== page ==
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Political Turbulence in Bangladesh Fails to Dampen the Indian President’s Visit

Dr Anand Kumar is Associate Fellow at Manohar Parrikar Institute for Defence Studies and Analyses. Click here for detailed profile
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  • March 08, 2013

    On his first foreign visit after becoming the President of India, Pranab Mukherjee went to Bangladesh from March 3 to 5. This was the first visit by an Indian president to Bangladesh after nearly 40 years and only the second after its liberation from Pakistan in 1971. This visit assumed significance for two reasons: one, it happened at a time when the country is once again reliving the experience of the ‘liberation war spirit’; and two, through the visit India tried to consolidate its bilateral relations with Bangladesh which has seen an upswing in the last couple of years.

    Bangladesh too attached a lot of importance to the visit and rolled out the red carpet for Pranab Mukherjee who was honoured with the nation’s second highest award for his valuable contribution to the country's liberation war in 1971. He was handed over a crest of 'Bangladesh Muktijuddho Sanmanona' (Liberation War award) at a ceremony at the Darbar Hall in the Bangladesh Presidential Palace (Bangabhaban) by President Zillur Rahman. Mukherjee was also conferred the degree of Doctor of Law Honoris Causa by the University of Dhaka, which is one of the largest universities Bangladesh and whose Chancellor is the President of Bangladesh Zillur Rahman. Besides, the Indian president held meetings with all top leaders of the Awami League government. He also met General Ershad, who called on him and discussed the Teesta and land border issues.

    Mukherjee, along with Bangladesh Prime Minister Sheikh Hasina, jointly inaugurated the locomotives and wagons supplied under the $800 million line of credit extended by India, reflecting growing bilateral ties in the infrastructure sector. The freight train flagged off at the Dhaka cantonment railway station comprised two locomotives, 20 broad gauge tank wagons and one brake van.

    Pranab Mukherjee made clear India’s intention to take the bilateral relationship to a new level. The Teesta river water-sharing deal and land boundary agreement with Bangladesh are two important issues for Bangladesh. During his visit Mukherjee underlined the need for building consensus on the two key issues to improve ties with Dhaka. He also pointed out that in a democracy there are “divergence of views on many issues but there are some areas where there is a consensus and developing good relations with Bangladesh is one such area on which there is consensus”. He informed that the Indian government proposes to introduce a constitutional amendment Bill in Parliament to implement the provisions of the 1974 Land Boundary Agreement with Bangladesh. He also stated that the sharing of waters of all common rivers was a priority issue for both countries and "We have successfully forged agreements in the past and are hopeful of arriving at an early accord on the sharing of the Teesta waters."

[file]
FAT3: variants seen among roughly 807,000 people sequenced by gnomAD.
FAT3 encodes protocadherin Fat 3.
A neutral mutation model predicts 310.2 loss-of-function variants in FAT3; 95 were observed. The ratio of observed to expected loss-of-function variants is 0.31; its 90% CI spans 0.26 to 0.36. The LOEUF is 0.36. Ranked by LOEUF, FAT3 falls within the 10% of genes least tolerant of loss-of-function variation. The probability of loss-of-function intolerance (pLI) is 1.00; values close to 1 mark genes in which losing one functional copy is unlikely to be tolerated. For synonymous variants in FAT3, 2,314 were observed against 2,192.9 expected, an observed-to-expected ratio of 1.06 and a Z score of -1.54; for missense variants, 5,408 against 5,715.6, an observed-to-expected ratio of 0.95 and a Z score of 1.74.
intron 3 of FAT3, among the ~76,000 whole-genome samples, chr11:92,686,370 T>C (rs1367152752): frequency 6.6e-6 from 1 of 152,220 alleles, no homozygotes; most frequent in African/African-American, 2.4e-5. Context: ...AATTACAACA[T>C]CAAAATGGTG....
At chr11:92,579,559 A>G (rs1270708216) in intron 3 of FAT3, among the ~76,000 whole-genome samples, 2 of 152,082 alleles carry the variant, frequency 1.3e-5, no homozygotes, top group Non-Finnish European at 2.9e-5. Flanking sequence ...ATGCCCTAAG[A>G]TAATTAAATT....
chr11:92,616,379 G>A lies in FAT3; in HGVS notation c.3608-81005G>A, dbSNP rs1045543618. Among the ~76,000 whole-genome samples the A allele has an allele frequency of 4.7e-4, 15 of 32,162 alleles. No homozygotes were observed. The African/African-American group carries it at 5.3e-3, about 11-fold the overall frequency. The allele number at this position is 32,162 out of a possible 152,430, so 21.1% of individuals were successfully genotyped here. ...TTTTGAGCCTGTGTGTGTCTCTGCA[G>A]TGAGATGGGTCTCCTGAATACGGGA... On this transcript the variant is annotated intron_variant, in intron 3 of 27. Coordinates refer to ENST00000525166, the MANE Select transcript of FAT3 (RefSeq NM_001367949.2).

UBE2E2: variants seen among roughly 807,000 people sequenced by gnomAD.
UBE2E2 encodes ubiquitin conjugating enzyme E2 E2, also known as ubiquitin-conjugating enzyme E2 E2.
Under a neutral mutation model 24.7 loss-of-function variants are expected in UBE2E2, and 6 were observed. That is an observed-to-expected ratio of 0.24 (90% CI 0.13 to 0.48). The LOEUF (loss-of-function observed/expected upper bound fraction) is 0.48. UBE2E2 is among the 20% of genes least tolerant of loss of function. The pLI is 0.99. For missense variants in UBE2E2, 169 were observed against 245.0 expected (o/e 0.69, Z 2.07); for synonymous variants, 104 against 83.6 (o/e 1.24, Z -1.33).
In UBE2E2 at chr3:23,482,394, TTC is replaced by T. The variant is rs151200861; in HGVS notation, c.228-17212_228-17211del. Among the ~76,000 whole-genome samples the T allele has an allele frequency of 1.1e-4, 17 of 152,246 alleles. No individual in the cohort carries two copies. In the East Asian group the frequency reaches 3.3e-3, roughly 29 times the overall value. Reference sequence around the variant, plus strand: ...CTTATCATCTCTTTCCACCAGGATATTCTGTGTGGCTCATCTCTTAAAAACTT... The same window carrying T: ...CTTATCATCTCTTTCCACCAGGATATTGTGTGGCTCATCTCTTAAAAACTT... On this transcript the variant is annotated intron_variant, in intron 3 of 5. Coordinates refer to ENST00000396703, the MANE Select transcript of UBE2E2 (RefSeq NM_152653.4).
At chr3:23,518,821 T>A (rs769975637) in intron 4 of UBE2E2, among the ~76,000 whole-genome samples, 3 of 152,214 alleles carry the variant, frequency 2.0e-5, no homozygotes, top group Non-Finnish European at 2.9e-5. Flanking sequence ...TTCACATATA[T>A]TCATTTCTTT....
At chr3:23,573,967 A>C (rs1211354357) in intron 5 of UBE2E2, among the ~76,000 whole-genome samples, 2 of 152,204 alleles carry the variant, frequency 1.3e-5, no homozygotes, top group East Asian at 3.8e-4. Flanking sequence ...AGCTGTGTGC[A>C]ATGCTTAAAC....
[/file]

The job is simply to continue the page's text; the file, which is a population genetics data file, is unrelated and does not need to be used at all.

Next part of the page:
Making a strong case for transit through Bangladesh, Mukherjee said that it could pave the way for greater integration between South and South East Asia. He pointed out that Bangladesh has a unique geographical location that can make it act as a bridge between South and South East Asia. He wanted Bangladesh to fully explore and exploit this.

    The only sour part of the visit was the cancellation of the scheduled meeting with the Indian president by the main opposition leader, Khaleda Zia. Khaleda’s political advisor Shamser Mobin Chowdhury is understood to have cited security reasons for her calling off the meeting with Mukherjee in view of the two-day general strike called by the Bangladesh Nationalist Party’s ally Jamaat-e-Islami. The Jamaat is carrying out violent agitation in the country to press for a halt to the trial of fundamentalist leaders for war crimes during Bangladesh's liberation war. The BNP itself announced another strike on March 5, which was immediately after two day strike called by the Jamaat.

    Interestingly, it was the BNP which had sought the meeting with Mukherjee through the Indian High Commission. Khaleda herself, during her nine day visit to India in November 2012, had met the Indian president and all other important leaders. She had also expressed the desire to make ‘a new beginning’ in her relationship with India and promised not to support insurgent elements in the northeast even if she comes to power. Pranab Mukherjee had also met Khaleda in the past in Bangladesh in various capacities.

    It seems the commitment of Khaleda Zia for friendly relationship with India was skin-deep and it could not withstand the slightest pressure. She has chosen to side with the Jamaat, which is the main actor behind the present political turmoil in Bangladesh. This also exposes her leanings towards the anti-liberation forces in Bangladesh. The BNP has to overcome this dilemma before it makes a new beginning with India. The visit of the Indian president to Bangladesh has made clear that the security situation in Bangladesh is under control and it is the BNP which has to overcome its mental block.